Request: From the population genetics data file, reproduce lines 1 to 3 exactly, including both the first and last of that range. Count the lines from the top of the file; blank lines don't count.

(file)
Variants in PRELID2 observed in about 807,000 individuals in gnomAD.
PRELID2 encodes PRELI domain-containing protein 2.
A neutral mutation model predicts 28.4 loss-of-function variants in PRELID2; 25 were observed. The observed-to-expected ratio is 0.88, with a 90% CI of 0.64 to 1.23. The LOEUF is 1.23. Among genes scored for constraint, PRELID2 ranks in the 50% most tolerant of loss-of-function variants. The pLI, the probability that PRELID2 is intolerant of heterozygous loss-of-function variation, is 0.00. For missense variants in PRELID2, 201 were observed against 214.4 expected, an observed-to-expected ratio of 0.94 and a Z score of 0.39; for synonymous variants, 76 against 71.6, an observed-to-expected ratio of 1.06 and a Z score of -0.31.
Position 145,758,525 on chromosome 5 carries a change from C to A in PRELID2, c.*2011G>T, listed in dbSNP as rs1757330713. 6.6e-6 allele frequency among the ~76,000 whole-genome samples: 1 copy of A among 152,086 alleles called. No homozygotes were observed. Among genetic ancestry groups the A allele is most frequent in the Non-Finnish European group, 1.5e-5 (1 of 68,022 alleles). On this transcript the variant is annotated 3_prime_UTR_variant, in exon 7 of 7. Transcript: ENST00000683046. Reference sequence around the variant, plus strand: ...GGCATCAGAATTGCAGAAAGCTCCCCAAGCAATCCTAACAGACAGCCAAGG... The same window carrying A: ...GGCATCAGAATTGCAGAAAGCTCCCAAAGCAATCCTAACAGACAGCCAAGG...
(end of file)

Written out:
Variants in PRELID2 observed in about 807,000 individuals in gnomAD.
PRELID2 encodes PRELI domain-containing protein 2.
A neutral mutation model predicts 28.4 loss-of-function variants in PRELID2; 25 were observed. The observed-to-expected ratio is 0.88, with a 90% CI of 0.64 to 1.23. The LOEUF is 1.23. Among genes scored for constraint, PRELID2 ranks in the 50% most tolerant of loss-of-function variants. The pLI, the probability that PRELID2 is intolerant of heterozygous loss-of-function variation, is 0.00. For missense variants in PRELID2, 201 were observed against 214.4 expected, an observed-to-expected ratio of 0.94 and a Z score of 0.39; for synonymous variants, 76 against 71.6, an observed-to-expected ratio of 1.06 and a Z score of -0.31.